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Wednesday, May 18, 2011


A single point does not make a line.

A Line is composed of two or more points, kinda like finding the truth, sometimes you need two more points to define it. 


Picture from here.

Saturday, May 14, 2011

End of Summer series: Tuli

Summer's coming to a close and I'm seeing alot of 6th graders walking funny.

Circumsicion season is almost over but there are still a lot of kids going through this pinoy-must procedure.

My brothers had theirs last year after backing out while in line a year before.
So far, I'm guessing that there are two kinds of cut.

The Full type, which removes practically all foreskin off your rod.

The second is the partial type, which cuts off a portion and stitches it up for style.

And as such that pinoys are very creative in naming almost everything, let's look at how we'd call each cut.

The full type would be our "German cut," though I think formally it's the other type that it would refer to, but still we called it such because of how it looks like. A german soldier's helmet.

The partial type/ Dorsal slit is what we'd call "Rooster." Why? Because it somehow is compared to a rooster's comb, though imagine it reversed - the comb is placed below.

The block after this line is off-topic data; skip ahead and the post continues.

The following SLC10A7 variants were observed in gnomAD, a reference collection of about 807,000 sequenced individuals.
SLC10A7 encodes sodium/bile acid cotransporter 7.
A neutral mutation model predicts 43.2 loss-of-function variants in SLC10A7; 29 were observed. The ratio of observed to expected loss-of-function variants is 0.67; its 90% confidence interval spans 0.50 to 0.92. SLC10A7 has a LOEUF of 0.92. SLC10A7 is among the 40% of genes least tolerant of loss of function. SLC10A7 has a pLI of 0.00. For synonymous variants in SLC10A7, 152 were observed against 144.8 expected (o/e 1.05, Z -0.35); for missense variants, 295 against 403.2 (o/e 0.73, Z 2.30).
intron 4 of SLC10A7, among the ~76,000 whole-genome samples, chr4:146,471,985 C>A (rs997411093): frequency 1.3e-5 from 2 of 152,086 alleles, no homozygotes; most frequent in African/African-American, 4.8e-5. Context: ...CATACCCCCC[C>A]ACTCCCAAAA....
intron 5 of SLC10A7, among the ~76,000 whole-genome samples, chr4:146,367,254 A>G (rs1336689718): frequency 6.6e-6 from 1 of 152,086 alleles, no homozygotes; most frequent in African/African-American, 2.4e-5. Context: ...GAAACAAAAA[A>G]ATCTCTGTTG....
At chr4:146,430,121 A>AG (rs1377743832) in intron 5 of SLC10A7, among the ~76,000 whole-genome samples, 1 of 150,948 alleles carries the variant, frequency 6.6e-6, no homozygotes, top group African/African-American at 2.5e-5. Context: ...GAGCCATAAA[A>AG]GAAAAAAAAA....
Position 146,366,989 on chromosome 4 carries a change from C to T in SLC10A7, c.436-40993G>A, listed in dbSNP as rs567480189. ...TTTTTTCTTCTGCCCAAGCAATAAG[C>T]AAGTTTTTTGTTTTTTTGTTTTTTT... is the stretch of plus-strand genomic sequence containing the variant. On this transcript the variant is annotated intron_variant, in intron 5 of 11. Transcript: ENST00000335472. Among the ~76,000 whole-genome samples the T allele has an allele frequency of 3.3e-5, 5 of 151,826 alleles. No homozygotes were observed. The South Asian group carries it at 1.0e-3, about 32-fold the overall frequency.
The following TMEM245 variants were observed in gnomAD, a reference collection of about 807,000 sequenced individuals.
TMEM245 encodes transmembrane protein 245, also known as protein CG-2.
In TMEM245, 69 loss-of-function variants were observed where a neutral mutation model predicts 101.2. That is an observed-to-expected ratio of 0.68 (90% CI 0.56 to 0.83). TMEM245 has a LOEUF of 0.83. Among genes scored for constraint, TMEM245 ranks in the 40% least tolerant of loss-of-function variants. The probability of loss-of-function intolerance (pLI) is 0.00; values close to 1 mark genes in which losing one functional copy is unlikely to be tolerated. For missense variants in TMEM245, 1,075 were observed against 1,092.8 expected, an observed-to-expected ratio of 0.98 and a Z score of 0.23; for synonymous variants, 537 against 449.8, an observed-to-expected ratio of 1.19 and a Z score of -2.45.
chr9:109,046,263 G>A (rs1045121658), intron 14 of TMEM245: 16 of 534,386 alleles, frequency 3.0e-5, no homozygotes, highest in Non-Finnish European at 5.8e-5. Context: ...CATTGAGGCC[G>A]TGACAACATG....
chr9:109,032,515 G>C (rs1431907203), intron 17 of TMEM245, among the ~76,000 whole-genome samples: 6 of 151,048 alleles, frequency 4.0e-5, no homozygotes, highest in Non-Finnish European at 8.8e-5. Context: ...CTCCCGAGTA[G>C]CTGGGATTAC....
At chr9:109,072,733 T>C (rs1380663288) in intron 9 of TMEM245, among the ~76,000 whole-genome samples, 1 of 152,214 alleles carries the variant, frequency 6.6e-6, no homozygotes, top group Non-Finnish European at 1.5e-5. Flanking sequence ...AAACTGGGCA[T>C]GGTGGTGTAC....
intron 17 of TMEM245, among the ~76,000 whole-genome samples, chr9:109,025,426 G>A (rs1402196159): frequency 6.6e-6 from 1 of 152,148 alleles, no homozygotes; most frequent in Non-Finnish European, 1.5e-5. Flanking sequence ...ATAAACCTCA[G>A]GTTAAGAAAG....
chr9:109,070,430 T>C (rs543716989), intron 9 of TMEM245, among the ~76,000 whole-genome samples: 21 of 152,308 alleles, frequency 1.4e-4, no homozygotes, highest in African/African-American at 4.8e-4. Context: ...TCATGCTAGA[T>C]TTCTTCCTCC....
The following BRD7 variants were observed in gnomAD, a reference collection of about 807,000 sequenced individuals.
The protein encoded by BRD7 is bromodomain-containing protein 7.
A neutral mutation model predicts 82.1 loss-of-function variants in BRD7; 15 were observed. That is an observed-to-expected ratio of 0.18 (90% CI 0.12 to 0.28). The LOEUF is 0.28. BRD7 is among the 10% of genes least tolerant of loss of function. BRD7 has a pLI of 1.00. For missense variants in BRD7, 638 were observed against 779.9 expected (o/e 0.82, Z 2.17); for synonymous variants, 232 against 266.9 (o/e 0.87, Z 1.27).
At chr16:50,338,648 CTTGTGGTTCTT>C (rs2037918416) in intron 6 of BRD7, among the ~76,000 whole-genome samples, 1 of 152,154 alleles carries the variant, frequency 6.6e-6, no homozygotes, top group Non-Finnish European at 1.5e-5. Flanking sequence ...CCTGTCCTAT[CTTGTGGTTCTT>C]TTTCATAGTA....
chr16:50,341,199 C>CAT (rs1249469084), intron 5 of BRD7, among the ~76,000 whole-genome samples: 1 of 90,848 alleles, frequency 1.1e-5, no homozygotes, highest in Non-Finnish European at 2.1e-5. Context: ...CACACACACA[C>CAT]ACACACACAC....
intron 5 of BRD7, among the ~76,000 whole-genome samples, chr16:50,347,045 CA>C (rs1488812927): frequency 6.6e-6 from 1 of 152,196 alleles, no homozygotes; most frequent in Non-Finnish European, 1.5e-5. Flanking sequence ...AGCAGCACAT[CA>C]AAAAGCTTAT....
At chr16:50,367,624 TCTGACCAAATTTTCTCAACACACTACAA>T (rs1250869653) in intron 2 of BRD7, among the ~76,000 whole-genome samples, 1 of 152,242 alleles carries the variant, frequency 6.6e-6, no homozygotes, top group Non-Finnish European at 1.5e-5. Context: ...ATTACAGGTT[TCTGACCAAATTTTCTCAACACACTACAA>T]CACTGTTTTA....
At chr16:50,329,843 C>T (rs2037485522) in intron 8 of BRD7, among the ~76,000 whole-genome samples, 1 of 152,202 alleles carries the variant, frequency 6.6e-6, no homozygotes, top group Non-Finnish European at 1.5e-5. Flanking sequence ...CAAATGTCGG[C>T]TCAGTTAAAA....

Which cut is best? I really wouldn't know. But which one is more commonly done? Let's ask all'ya male reader. Mine is a "german cut."

What's yours? Answer the poll below and let's see which one is most common. haha!

(katuwaan lang).

Tuli ka naba? ano cut mo?

pictures from here:
rooster head
german helmet

Tuesday, May 3, 2011

Vote Vote Vote! - Kyoto Protocol

Vote for this entry here. Vote for one of our friend blogger. :) 

Kyoto Protocol

The Kyoto Protocol was adopted 11 December 1997; in it was framework that redefined how we viewed fossil fuels. The protocol was the brainchild of collaboration; specialists, environmentalists and scientists, with the objective of providing a realistic and applicable means of reducing carbon gas emissions, hopefully abating global warming and climate change. Sadly we have forgotten this brilliant and historic moment, the idea of sustainability becoming a stylistic choice and a faddist curiosity. Design can change the world, whether it is technology or vernacular; but to end the threat of climate change, it may not be enough. We have to go back to the Kyoto Protocol, and remind the countries that their signatures are a commitment to the cause, spelling the difference between victory and defeat. And to those who have yet to sign the protocol, to realize that we are all in this together. A signature is a promise.
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